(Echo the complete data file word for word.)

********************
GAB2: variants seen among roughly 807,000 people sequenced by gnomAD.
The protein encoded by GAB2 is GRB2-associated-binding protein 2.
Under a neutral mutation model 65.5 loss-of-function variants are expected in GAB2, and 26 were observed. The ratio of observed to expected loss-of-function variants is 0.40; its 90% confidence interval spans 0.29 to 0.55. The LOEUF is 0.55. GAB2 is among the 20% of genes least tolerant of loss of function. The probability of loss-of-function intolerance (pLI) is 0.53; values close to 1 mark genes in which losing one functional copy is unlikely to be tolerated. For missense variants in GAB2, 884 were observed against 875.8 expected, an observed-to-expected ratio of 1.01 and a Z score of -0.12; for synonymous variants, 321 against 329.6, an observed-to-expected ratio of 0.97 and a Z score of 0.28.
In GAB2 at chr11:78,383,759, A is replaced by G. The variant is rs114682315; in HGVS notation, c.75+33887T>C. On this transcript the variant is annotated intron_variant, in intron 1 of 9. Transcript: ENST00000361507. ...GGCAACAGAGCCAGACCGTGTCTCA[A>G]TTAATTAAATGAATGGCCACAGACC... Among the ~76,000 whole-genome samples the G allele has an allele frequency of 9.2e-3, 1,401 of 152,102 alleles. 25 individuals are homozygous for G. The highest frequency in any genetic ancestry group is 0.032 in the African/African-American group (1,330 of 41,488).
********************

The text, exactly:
GAB2: variants seen among roughly 807,000 people sequenced by gnomAD.
The protein encoded by GAB2 is GRB2-associated-binding protein 2.
Under a neutral mutation model 65.5 loss-of-function variants are expected in GAB2, and 26 were observed. The ratio of observed to expected loss-of-function variants is 0.40; its 90% confidence interval spans 0.29 to 0.55. The LOEUF is 0.55. GAB2 is among the 20% of genes least tolerant of loss of function. The probability of loss-of-function intolerance (pLI) is 0.53; values close to 1 mark genes in which losing one functional copy is unlikely to be tolerated. For missense variants in GAB2, 884 were observed against 875.8 expected, an observed-to-expected ratio of 1.01 and a Z score of -0.12; for synonymous variants, 321 against 329.6, an observed-to-expected ratio of 0.97 and a Z score of 0.28.
In GAB2 at chr11:78,383,759, A is replaced by G. The variant is rs114682315; in HGVS notation, c.75+33887T>C. On this transcript the variant is annotated intron_variant, in intron 1 of 9. Transcript: ENST00000361507. ...GGCAACAGAGCCAGACCGTGTCTCA[A>G]TTAATTAAATGAATGGCCACAGACC... Among the ~76,000 whole-genome samples the G allele has an allele frequency of 9.2e-3, 1,401 of 152,102 alleles. 25 individuals are homozygous for G. The highest frequency in any genetic ancestry group is 0.032 in the African/African-American group (1,330 of 41,488).